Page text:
Printed letters, January 1, 2014
Casey Sheahan, CEO of the innovative clothing company, Patagonia, Inc., believes the process of fracking will damage human health and the environment with consequences for hundreds of years.
He points to the chemicals used in fracking that are toxic and cancer-causing. His company and he will contribute financial support for a Colorado ballot issue that will ban fracking statewide.
How long has fracking been with us in Colorado? I asked Alan Roberts, who was raised in Texaco’s company town in the Wilson Creek Field north of Meeker. Roberts graduated from Meeker High and then the Colorado School of Mines, and he spent a lifetime in the energy industry. He believes well over 75 percent of wells were being fracked when he first went to work in his home state in the early 1960s. Colorado has experienced fracking for more than 50 years.
Fracking has been prevalent in Texas on a much greater scale. Fort Worth commissioned a $1 million study, completed in 2011 by a Massachusetts firm, to document the health effects of natural gas drilling, fracking and production. Hardly any negative effects on its citizens were confirmed in the 320-page report. Ninety-eight percent of emissions were of a low toxicity, and the measured air pollution levels did not reach any levels that cause adverse health effects.
Fort Worth, a city of 730,000, contains within its city limits roughly one well pad containing multiple wells for each 1,300 citizens. Fort Worth should be Sheahan’s laboratory to validate the Armageddon of illness and disease that he believes fracking has inflicted on their citizens. I believe half a century of history will prove him wrong.
Sheahan should be equally worried about the cancer-causing chemicals in his holiday dinner.
Longtime contributors have right to Medicare
People who have worked most of their lives and are now enjoying the benefits of Medicare have also paid premiums since its inception in 1965. An entitlement by definition is “the fact of having the right to something.”
People who paid into the system with every paycheck for 35 years before deriving any benefit certainly have earned the right for health care in return. In fact, my wife and I, for the year 2013, have paid Medicare more than $7,000 and will pay more in 2014.
Meanwhile, our doctors are going to receive less next year in reimbursement than they have in years past. Isn’t this a wonderful government-run entitlement program?
COPECO story evoked memories for musician
Bob Silbernagel’s Dec. 20 article on the COPECO dance hall brought back several memories from the early 1950s. I graduated from high school in 1951 and Mesa Junior College in 1953.
Most Saturday nights were spent in the various dance halls in the area (Clifton, Loma, Collbran and the COPECO). There was even an open-air ballroom just west of First Street, north of North Avenue.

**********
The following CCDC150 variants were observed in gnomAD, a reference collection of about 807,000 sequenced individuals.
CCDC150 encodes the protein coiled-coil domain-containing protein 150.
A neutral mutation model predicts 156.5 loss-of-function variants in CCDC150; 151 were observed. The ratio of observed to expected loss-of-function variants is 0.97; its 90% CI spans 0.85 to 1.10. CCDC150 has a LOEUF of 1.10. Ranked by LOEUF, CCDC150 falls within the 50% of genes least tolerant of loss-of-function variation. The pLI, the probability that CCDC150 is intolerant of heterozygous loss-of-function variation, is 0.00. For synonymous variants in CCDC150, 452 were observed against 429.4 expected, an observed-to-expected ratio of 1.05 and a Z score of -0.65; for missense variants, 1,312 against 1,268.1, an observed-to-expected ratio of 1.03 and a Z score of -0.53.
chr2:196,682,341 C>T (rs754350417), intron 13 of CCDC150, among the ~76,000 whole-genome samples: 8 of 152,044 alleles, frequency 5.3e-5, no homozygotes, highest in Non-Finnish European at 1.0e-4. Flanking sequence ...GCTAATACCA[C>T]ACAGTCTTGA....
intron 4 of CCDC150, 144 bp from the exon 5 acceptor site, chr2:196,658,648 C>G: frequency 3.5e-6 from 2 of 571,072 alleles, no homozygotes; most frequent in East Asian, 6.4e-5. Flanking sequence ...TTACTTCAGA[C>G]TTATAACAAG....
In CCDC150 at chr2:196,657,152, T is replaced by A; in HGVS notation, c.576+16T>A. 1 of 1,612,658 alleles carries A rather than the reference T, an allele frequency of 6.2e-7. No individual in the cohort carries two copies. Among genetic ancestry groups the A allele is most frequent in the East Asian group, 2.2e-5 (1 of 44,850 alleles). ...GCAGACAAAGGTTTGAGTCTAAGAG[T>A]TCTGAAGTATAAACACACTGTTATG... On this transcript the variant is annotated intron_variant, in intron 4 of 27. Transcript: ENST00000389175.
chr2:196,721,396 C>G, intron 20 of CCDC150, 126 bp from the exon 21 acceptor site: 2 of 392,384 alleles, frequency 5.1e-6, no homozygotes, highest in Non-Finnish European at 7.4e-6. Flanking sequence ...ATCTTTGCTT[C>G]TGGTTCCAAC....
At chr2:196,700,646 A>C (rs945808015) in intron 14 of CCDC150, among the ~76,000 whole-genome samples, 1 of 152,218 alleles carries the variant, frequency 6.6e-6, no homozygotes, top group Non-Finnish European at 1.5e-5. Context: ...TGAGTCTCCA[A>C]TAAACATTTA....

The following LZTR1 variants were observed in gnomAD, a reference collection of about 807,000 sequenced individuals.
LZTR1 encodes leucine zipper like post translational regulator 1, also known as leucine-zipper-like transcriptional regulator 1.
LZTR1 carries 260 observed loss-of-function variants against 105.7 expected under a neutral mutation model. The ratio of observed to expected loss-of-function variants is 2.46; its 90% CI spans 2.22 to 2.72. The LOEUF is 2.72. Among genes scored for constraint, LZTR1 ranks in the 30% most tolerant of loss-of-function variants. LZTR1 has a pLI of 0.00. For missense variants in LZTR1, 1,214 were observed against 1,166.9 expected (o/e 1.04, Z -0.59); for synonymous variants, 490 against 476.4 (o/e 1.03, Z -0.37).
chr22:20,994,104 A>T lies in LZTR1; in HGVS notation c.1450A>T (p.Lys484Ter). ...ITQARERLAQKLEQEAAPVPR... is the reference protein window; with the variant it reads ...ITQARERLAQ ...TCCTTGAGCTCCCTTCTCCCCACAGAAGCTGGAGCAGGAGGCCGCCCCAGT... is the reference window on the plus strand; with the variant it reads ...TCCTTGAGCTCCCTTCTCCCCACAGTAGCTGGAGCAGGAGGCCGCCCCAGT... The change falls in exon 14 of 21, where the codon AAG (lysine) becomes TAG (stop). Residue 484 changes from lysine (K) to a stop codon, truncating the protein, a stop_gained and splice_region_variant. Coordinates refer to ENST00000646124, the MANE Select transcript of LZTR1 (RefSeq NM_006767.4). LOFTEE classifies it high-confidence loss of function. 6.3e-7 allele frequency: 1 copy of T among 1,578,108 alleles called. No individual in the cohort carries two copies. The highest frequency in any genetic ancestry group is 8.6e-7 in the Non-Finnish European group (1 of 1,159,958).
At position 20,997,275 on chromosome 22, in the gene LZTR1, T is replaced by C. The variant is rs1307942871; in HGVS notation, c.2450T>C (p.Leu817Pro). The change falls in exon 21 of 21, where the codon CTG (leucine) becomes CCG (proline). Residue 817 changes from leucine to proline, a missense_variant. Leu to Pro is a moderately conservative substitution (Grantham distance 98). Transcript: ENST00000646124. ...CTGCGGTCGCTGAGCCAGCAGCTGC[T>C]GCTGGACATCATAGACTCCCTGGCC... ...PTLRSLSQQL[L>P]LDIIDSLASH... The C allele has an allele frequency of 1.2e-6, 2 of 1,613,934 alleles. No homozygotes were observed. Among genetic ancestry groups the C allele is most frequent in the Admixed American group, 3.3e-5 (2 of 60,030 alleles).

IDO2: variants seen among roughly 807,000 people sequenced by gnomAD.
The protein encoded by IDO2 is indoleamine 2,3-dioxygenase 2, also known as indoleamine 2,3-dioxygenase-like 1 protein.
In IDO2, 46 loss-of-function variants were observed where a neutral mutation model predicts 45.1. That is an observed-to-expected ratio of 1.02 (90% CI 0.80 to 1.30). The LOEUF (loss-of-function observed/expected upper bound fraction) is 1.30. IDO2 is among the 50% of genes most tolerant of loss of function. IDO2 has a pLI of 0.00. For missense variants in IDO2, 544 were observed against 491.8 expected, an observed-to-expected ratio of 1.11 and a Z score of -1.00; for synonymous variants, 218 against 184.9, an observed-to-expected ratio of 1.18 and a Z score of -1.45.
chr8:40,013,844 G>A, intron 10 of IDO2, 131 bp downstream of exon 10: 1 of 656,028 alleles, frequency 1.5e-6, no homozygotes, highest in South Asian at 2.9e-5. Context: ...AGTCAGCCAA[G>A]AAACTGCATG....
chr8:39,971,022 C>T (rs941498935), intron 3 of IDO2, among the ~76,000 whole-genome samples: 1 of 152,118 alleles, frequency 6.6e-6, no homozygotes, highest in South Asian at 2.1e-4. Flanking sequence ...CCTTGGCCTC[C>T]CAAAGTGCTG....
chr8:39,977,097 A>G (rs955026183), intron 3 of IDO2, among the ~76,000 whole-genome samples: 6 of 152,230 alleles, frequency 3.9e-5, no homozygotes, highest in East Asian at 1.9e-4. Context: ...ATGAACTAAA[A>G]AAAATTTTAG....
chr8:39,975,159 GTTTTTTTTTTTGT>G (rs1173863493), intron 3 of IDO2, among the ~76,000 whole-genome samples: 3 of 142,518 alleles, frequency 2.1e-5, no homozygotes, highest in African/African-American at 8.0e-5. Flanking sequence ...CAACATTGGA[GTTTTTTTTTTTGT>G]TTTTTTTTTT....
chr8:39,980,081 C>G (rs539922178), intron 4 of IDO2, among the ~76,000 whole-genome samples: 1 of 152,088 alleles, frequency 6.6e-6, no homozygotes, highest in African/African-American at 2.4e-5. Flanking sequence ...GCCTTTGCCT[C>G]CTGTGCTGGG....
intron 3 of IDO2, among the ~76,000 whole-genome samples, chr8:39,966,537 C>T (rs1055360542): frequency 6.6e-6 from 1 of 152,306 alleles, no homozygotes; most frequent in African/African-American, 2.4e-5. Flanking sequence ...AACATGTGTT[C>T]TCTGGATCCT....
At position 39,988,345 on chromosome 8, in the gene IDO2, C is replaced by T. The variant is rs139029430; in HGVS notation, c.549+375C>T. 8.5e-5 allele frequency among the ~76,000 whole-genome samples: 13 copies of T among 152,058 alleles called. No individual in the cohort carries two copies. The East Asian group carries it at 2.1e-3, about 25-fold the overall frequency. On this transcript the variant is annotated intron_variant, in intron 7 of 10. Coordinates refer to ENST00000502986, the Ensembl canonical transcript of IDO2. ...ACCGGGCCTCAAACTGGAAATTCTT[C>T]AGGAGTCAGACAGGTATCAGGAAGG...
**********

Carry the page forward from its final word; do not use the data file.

I wasn’t a fan of western music and avoided most dances with that music. I was surprised to read that so many western bands played the area. I don’t remember many in the period from 1950 through 1953. During 1953 I played trumpet and my wife played piano for a band named Hap Harris, and we frequently placed the COPECO. Our music was very up-tempo, and there were no slow tunes played there.
I last played at the COPECO on the last Saturday of September 1953, and I reported for induction into the Army Oct. 1.
The COPECO was very rough and rowdy until a man named Warner ran the place. There was still a lot of alcohol consumed, but the fighting was controlled. I am not sure of his name, but he later had a kids’ program on KREX television.
MERRITT P. DISMANT
Brooks’ column, article on airport lacked values
I am concerned about the quality of the news reported in The Daily Sentinel. I believe that a newspaper should report, not try to change the beliefs of the readers.
On Dec. 15, the Sentinel ran an op-ed column by David Brooks, suggesting that even though our president has failed with health care and a lot of other issues, we should give more power to the executive branch of the government. Brooks wrote that we are better off if the executive branch is powerful.
We are never better off when ineffective and unethical people have more power. The stance of the writer didn’t deserve the coverage.
Then, on Dec. 23, the front-page headlines questioned whether we would be better off with a manager of the airport who was fired for questionable behavior, that maybe we are going to be sorry that we don’t have all the growth (which actually didn’t seem like much to this reader) without him.
Results do not justify wrongdoing.
I am worried that neither our society in general nor our local paper in particular has any values at all.